Heritage and Culture

St David's Day

St David's Day
By Sophie

The annual celebration of St David's day, on the 1st of March, is a time for the welsh and welsh-at-heart to come together to celebrate the patron saint of Wales, as well as everything Welsh. Many people pin a daffodil or leek to their clothes as a symbol of the celebration, with many adults and children alike donning traditional costumes.

Celebrations include attending church services, parades, choral recitals, or Welsh literal readings with Schools planning celebrations, usually featuring choirs, on the day. Around the villages, towns, and cities the Welsh flag is a prominent feature, dotted around as decoration for this exciting day.

There is also a traditional meal held by many families and friends, with the main feature being Cawl, a soup made of leeks and other locally grown produce.

Last year, Bridgend even hosted the returning Pugfest on St David's Day, with many pugs dressing in welsh attire for the event!

Who was St David?

Although little is known about his life, St David plays a massive part in Welsh culture. It is believed that he lived to be 100 years old before dying in 589, however the first texts on his life didn't appear until around 500 years after his death. Due to this gap, it is difficult to tell which aspects of his story are true, and which are legend, however the story goes that he was a gentle man who grew tall and strong in spite of his frugal diet.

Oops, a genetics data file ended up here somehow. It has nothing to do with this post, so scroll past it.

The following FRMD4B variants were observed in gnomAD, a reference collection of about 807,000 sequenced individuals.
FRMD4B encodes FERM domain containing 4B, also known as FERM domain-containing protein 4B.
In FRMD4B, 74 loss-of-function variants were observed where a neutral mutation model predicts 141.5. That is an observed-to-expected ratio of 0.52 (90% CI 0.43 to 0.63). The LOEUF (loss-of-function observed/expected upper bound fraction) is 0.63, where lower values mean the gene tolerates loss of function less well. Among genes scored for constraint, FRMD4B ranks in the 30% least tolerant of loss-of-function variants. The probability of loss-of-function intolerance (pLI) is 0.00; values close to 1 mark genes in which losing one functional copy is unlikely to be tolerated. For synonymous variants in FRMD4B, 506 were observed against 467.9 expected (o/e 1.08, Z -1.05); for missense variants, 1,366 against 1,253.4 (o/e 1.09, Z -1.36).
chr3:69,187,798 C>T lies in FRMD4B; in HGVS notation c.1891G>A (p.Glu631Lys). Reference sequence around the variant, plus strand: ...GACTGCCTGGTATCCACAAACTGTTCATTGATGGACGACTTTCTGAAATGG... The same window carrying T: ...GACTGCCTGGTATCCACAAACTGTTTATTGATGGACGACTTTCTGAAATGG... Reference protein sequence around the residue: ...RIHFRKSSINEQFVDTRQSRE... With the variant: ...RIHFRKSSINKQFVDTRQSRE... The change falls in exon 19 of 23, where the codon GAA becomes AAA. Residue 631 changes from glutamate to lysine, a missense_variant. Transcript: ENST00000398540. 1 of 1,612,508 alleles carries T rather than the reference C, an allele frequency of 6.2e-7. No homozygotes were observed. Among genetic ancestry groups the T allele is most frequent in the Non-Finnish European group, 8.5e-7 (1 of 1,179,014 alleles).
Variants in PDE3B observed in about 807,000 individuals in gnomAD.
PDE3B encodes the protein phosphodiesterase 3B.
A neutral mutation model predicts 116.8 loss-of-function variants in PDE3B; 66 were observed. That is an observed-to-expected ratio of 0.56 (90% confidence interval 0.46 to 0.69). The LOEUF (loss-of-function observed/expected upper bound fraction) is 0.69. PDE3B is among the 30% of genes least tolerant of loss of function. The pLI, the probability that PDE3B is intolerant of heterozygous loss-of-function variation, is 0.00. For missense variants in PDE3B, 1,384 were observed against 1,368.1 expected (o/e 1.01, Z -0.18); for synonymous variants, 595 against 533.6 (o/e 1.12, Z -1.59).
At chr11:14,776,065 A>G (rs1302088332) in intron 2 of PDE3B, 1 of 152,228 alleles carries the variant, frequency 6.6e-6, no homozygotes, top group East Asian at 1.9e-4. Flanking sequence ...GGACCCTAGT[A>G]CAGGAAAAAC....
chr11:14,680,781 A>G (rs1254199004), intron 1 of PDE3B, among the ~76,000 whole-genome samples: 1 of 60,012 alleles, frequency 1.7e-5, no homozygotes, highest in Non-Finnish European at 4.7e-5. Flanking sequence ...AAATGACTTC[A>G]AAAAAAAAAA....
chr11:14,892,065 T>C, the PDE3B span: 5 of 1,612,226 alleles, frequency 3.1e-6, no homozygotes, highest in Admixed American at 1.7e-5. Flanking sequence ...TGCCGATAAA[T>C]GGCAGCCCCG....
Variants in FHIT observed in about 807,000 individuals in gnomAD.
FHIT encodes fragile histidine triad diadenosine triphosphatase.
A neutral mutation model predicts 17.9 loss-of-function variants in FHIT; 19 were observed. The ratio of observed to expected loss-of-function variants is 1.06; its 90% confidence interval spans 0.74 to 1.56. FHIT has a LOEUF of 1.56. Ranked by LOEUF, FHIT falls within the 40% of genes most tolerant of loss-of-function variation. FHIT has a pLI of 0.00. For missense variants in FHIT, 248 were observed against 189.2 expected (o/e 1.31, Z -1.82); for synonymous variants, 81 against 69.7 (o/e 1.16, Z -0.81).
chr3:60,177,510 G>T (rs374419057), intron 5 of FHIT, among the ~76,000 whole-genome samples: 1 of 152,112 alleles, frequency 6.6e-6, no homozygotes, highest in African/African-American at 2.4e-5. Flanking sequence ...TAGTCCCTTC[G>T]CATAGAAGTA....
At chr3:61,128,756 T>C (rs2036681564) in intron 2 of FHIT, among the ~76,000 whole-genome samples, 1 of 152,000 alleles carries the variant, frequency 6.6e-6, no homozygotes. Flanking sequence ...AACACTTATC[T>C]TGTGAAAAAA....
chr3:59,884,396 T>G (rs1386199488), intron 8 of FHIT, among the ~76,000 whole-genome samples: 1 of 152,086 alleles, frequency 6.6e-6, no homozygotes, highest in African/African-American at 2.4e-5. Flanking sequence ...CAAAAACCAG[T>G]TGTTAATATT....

David's dad was called Sant. He was the grandson of a prince of Ceregigion in south-west Wales. David's mother was called Non and was the neice of the legendary King Arthur.

Although related to royalty, David dedicated his life to his faith, traveling widely throughout Wales, France, Ireland and potentially to Jerusalem. St David founded several churches and a monastery in Wales where he eventually became an arch bishop and was canonized in 1120. This was done on the 1st of March and recorded in the church records. Due to this, the day officially became St David's day. After he was made a Saint, people flocked to St David's monastery in pilgrimages, eager to feel some form of connection to him. To this day a cathedral still stands on the monastery's original site.

Our Welsh Products

If you are celebrating St David's Day this year, take a look at our Welsh-themed products. From scarves to kilt accessories:

https://www.scotweb.co.uk/multisearch?multi_search=welsh and get yourself ready to celebrate!